Typically these have ‘ears’ and because they flower from spring to autumn it‘s difficult to know when to take the plunge. A general guide is to prune hard to 22cm (9in) immediately after the first flowering – observing the small shoots rule above under Hardy Lavenders. Dead-head for the rest of the flowering period, with possibly just a light trim to polish off the season, but no later than mid-September. Expect these lavenders to last 5-10 years.
Half-Hardy and Tender Lavenders
These are the toothed and three-headed exotics that flower almost continuously, so there never seems to be an opportunity to get out the secateurs! Generally, dead-head throughout the year with the occasional severe prune, as outlined above, to keep the more vigorous forms in shape. After a severe pruning keep the compost on the dry side until you can see a moderate flush of new growth. Expect these lavenders to last five years… so try some cuttings or save seed.
Lavender has long been used for its distinct culinary qualities and this is a growing trend with more adventurous cooking and cosmopolitan tastes. All our lavenders can be used for culinary purposes, but some are more preferable than others!
We don’t have the space here to give complete recipes, but have provided a few hints and tips!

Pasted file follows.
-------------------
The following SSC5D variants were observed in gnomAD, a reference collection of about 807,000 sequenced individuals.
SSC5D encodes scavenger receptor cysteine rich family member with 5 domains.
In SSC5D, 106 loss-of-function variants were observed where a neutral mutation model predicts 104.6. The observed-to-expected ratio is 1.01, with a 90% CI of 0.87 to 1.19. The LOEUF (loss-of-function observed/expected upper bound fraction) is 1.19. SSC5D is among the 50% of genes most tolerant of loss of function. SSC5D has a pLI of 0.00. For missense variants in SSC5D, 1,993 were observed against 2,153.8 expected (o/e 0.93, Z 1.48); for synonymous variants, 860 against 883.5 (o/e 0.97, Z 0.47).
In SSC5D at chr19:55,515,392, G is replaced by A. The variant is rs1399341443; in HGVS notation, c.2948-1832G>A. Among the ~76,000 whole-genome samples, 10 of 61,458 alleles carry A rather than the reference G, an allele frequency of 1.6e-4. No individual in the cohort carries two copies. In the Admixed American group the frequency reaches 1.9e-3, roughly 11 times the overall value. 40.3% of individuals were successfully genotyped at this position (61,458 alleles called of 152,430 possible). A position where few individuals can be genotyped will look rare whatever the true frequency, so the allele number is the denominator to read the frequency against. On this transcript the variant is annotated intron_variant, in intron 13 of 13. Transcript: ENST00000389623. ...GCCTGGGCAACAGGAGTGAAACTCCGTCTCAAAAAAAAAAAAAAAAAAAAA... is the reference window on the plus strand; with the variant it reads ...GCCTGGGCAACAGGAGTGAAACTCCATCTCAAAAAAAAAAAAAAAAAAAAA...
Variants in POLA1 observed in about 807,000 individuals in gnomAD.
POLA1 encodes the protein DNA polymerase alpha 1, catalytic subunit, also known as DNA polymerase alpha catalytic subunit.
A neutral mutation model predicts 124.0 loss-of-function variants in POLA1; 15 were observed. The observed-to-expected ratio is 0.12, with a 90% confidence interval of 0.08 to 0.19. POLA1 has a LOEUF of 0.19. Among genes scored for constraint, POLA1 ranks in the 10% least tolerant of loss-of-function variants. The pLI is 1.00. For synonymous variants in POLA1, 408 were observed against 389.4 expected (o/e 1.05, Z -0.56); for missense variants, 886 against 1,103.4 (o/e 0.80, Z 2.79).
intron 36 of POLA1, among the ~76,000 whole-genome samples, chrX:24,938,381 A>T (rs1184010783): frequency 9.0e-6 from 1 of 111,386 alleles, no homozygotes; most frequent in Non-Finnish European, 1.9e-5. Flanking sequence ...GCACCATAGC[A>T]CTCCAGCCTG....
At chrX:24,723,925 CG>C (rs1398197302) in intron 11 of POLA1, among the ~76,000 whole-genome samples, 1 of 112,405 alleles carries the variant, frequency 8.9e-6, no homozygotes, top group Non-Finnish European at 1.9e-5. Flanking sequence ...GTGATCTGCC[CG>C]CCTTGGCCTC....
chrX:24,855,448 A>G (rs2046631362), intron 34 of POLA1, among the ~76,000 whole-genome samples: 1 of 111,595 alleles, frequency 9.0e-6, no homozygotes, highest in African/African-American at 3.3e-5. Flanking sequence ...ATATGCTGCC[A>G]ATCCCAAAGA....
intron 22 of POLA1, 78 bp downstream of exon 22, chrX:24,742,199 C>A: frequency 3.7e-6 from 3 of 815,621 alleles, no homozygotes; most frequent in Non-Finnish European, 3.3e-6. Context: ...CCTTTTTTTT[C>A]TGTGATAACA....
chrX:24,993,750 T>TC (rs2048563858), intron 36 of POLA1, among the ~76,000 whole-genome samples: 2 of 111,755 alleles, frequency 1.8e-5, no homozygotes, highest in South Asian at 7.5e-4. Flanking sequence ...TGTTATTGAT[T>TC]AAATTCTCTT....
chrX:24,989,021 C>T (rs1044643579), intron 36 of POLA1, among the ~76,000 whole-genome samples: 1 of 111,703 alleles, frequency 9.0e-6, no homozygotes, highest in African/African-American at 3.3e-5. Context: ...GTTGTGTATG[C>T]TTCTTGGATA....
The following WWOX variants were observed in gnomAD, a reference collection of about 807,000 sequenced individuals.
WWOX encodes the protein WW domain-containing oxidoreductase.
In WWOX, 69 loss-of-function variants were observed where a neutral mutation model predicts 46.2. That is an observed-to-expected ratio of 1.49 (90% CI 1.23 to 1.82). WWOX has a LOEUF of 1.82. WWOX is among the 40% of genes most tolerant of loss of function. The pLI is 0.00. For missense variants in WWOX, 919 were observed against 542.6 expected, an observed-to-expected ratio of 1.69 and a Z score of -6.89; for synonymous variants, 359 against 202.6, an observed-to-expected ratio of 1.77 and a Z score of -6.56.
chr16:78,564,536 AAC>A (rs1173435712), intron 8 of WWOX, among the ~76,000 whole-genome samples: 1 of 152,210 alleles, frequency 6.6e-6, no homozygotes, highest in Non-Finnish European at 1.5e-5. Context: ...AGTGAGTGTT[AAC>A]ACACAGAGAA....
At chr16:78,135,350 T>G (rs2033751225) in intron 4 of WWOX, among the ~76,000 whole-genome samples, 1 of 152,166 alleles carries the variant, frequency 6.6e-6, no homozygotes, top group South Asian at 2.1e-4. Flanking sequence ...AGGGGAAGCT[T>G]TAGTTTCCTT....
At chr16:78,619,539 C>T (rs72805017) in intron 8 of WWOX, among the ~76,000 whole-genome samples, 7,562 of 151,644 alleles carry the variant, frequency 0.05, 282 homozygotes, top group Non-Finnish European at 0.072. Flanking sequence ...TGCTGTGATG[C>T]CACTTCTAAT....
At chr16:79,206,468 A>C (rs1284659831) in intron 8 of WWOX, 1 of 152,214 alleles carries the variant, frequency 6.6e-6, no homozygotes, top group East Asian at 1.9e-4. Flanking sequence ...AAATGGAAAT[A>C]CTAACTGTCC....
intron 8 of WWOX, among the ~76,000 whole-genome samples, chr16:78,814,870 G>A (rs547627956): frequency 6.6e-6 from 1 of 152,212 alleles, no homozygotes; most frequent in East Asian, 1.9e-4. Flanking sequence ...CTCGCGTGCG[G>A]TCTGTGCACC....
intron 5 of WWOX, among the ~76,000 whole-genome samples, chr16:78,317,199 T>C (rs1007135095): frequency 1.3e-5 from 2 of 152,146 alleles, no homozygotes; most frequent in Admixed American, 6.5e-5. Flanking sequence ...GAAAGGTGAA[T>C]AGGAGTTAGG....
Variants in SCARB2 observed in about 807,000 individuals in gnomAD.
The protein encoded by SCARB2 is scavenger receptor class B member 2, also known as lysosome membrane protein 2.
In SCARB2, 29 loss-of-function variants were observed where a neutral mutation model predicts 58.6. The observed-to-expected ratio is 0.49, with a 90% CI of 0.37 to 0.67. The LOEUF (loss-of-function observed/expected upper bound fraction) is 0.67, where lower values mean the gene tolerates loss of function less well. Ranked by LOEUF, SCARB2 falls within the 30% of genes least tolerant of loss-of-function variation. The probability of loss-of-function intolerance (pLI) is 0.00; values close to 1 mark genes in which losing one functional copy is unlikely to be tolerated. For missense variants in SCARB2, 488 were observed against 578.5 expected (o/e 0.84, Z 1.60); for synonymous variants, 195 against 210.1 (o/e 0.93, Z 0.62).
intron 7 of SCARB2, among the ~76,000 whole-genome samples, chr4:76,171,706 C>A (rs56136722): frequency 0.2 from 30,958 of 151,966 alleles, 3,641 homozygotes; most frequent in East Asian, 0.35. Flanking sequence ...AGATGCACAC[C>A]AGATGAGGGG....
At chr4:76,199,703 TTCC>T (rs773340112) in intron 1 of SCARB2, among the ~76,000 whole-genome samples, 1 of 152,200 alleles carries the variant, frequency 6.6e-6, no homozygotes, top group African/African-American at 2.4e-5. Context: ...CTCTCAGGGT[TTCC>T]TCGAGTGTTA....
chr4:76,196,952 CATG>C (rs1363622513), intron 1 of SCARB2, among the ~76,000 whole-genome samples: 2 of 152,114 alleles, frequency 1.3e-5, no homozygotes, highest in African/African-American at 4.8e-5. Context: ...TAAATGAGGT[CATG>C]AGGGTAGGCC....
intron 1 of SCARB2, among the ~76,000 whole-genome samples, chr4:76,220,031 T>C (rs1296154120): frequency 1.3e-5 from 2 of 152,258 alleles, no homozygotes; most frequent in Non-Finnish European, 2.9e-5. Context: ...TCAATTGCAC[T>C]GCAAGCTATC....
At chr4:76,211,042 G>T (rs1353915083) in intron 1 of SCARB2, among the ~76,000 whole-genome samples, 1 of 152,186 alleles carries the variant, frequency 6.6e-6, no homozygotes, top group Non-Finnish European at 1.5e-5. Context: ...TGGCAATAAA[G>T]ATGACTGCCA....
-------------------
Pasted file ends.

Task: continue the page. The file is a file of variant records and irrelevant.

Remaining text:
Individual flowers, and on stoechas lavender also the ‘ears’, can be used as edible decoration on salads and cold desserts. Use fresh flowers if possible as the colours are more vibrant. Use chopped stoechas lavender leaves in vanilla ice cream to add an extra tang!
The main lavender ingredient in recipes are the calyces (‘flower pockets’ as we call them) or grains of angustifolia and used more sparingly, x intermedia. Use about twice as much fresh lavender as dried. Harvest lavender when the heads are in full colour, but before the flowers come out. Use the grains whole or chopped or bruised to release the flavour. Store in a sealed container for later use if required. Start by using a little and increase quantities according to taste. Adding too much can give a bitter taste, although the flavour mellows once cooked.
One of the easiest ways to transform food, giving it a beautifully floral flavour, is to use lavender sugar in place of plain sugar. Mix it about a month in advance to enable the flavour to infuse. To use directly in scones, biscuits and shortbread mix up to a tablespoon of grains per dozen. We can particularly recommend lavender honey either as it comes or with lavender grains added.
Try mixing lavender with other herbs in a vegetarian pizza or goats cheese tartlets to produce a floral herbal flavour. Chicken, lamb and salmon are also suitable savoury dishes where lavender can be used effectively either as whole flower spikes, grains or as a rub in oil or with other herbs. Add about 1 teaspoon of fresh lavender to boiled or sautéed potatoes. Use lavender stems as skewers to flavour barbecued food.
The latest book we thoroughly recommend for inspirational mouthwatering lavender recipes is Sharon Shipley‘s ‘The Lavender Cookbook’. Lavender can be used in place of rosemary where that herb is commonly used. Just double the amount used.